Sunday, July 19, 1998Juvenile 'R.P.' rebounding for problems in earlier years
Last modified at 12:20 a.m. on Sunday, July 19, 1998
By JAN GAUGHAN
Log Cabin Staff Writer
She has been known in court for the past two years as "the juvenile girl, R.P." And on the very day the controversy surrounding one of the toughest periods of her young life finally came to an end, R.P., Rebecca Pendagraph, legally became an adult.
"I was surprised when I heard about it," she said Friday of Judge Karen Baker's order that DHS employee Sandi Doherty begin serving a two-day jail sentence for contempt. "Today's my 18th birthday."
When Miss Pendagraph appeared before Judge Baker in August 1996 for excessive absenteeism from school, it soon became apparent to both prosecution and defense that she needed support, not punishment, from the system. All utilities in the family's home had been shut off, her mother explained to the judge.
Judge Baker ordered DHS to see that utility service was restored, so that Miss Pendagraph could remain with her mother in their home and have the basic comforts that allow for a normal daily routine.
But for 53 days after that order, Miss Pendagraph and her family remained without running water and electricity, while DHS officials struggled to avoid setting what they thought was a bad financial precedent for the agency, offering instead to put her in foster care. The legal and political questions -- Does DHS think it's above the law? Is DHS to be expected to pay the bills for all of the thousands of Arkansans living below the poverty level? Should a mid-level employee of DHS be singled out for punishment for following what she saw to be departmental policy? -- may have been fascinating fodder for debate in the media and the courthouse corridors, but there was nothing fascinating about having no heat in 10- to 15-degree weather that November.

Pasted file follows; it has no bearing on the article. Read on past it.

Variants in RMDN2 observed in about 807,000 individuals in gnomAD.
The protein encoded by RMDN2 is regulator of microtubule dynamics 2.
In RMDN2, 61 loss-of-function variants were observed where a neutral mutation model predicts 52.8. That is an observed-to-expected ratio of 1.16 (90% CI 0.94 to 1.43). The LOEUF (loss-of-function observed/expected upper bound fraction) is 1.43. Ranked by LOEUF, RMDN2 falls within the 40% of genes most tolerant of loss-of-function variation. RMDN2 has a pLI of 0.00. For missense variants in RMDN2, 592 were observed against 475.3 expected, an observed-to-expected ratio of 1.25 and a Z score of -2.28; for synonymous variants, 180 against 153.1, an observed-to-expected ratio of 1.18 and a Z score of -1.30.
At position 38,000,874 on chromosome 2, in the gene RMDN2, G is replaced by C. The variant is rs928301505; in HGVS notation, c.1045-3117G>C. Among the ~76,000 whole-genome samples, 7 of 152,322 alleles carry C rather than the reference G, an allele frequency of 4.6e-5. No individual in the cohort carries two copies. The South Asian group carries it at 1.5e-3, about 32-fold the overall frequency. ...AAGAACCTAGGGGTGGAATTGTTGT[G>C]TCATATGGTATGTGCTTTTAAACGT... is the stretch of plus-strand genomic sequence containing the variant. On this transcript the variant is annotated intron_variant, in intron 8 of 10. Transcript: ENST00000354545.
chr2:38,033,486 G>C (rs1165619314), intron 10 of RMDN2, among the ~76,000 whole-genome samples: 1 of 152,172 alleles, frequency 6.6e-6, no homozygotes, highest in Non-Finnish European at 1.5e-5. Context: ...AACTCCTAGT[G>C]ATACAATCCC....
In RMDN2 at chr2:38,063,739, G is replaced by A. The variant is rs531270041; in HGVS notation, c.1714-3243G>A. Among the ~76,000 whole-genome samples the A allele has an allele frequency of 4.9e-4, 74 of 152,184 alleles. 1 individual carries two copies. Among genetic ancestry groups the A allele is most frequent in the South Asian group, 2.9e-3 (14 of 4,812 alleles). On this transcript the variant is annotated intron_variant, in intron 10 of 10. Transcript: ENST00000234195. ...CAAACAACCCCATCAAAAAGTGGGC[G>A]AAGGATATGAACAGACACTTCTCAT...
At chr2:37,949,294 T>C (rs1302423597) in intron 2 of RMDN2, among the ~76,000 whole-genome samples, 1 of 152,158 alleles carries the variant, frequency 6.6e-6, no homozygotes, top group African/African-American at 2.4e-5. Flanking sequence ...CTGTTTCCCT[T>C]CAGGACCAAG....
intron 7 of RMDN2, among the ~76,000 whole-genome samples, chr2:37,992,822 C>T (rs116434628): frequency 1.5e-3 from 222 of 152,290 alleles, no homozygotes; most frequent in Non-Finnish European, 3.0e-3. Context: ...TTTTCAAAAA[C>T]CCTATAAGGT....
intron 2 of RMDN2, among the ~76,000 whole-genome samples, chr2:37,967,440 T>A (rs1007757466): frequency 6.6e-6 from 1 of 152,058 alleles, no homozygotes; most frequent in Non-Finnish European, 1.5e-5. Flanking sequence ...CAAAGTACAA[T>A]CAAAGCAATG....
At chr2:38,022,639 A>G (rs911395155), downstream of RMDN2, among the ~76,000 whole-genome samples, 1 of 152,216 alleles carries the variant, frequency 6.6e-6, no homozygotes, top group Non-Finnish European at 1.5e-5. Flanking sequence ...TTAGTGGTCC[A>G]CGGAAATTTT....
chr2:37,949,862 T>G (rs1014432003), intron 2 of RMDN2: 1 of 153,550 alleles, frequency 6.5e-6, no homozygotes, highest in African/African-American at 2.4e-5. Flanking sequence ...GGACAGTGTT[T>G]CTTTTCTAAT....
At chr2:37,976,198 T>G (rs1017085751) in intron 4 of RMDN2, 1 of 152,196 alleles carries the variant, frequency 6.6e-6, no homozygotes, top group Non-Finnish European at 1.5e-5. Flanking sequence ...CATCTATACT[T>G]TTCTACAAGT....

"It was a very hard time for me," she said grimly. "A very hard time. But I got through it."
On Friday afternoon, she tried to sort through her feelings about Ms. Doherty's two-day jail term.
"I'm torn," she said. "I'm sorry she has to go through this. I don't wish harm on anyone, but I just feel she put herself in jail. It's got nothing to do with me."
"If that's cold-hearted, I can't help it," she said.
The refusal by DHS to follow the court order was a decision based on numbers, not human beings, she said.
"They just didn't care. It was a business for them," she said. "They didn't want to turn loose of that money."
Miss Pendagraph is a success story for the juvenile court system: a hard-working (she holds down two jobs and helps support her mom) young woman who will enroll as a freshman at the University of Central Arkansas this fall. She plans to take a full course load and keep one of her jobs to help defray expenses.
"Life still is not quite what you'd call easy for me, but I'm making it," she said.
"In the end, it's all going to be worth it."
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